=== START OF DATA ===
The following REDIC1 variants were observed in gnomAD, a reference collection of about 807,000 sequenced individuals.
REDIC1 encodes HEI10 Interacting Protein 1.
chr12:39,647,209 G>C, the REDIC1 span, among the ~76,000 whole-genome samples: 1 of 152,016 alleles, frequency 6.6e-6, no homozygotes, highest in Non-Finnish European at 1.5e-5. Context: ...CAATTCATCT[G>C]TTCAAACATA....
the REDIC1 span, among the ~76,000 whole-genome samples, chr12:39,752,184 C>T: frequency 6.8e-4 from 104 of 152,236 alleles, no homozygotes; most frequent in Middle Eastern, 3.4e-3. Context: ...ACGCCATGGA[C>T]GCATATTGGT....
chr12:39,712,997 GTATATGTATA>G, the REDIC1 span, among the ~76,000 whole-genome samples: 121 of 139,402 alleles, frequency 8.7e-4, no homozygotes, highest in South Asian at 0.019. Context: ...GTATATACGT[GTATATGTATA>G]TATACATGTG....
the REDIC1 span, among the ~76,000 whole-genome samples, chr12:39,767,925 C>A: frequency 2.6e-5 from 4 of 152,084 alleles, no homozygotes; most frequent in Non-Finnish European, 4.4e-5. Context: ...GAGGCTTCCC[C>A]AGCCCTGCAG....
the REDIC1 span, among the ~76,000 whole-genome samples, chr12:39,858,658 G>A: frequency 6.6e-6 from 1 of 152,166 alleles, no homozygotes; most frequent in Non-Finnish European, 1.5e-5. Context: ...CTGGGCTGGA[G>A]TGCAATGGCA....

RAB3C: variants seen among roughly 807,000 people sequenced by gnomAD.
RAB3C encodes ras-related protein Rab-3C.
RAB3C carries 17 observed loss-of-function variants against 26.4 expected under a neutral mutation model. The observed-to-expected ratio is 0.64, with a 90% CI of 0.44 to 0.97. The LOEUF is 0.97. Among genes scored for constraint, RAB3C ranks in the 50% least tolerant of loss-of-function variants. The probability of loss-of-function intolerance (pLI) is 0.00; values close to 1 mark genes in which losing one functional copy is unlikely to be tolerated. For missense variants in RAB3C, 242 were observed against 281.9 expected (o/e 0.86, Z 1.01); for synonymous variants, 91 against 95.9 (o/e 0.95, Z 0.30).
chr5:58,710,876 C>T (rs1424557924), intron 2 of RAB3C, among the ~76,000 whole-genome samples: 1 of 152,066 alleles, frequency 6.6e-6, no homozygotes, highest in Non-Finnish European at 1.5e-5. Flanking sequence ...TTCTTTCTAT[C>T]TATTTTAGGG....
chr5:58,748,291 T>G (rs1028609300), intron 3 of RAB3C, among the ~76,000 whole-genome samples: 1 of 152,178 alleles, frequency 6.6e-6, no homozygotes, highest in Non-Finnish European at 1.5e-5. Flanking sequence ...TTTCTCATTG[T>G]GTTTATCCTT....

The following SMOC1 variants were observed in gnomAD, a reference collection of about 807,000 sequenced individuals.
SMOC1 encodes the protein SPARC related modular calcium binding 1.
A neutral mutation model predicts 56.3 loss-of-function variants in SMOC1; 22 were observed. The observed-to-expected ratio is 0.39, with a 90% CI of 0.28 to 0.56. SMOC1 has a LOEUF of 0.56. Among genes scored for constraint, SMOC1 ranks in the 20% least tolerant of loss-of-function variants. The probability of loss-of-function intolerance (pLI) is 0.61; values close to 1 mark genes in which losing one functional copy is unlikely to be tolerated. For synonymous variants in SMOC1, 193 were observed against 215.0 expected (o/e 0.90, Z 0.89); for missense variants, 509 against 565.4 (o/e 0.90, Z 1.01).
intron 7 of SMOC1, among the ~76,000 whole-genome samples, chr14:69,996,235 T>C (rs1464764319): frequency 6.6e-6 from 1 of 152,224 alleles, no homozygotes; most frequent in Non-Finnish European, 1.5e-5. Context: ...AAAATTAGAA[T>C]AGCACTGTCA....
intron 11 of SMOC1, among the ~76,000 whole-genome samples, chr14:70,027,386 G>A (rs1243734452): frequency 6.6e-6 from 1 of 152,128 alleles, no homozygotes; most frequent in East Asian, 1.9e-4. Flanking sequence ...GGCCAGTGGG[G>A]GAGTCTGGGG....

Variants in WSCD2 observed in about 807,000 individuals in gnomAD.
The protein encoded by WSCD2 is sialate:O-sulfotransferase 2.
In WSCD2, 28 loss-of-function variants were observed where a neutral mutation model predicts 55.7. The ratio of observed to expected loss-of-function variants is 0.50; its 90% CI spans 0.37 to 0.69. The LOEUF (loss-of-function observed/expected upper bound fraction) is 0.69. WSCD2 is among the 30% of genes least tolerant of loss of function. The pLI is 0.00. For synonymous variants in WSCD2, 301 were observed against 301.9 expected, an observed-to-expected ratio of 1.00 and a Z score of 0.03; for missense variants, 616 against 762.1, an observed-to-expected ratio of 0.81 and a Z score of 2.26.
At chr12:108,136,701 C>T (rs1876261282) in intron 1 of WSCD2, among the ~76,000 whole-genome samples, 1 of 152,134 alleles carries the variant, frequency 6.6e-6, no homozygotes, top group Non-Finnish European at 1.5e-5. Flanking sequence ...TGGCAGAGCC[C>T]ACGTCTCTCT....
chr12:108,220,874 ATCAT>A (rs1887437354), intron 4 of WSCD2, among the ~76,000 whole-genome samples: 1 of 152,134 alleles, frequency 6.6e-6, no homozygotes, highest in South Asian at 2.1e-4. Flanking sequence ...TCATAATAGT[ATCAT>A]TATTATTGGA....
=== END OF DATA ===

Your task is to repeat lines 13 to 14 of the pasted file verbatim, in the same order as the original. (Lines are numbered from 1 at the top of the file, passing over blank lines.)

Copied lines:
The following SMOC1 variants were observed in gnomAD, a reference collection of about 807,000 sequenced individuals.
SMOC1 encodes the protein SPARC related modular calcium binding 1.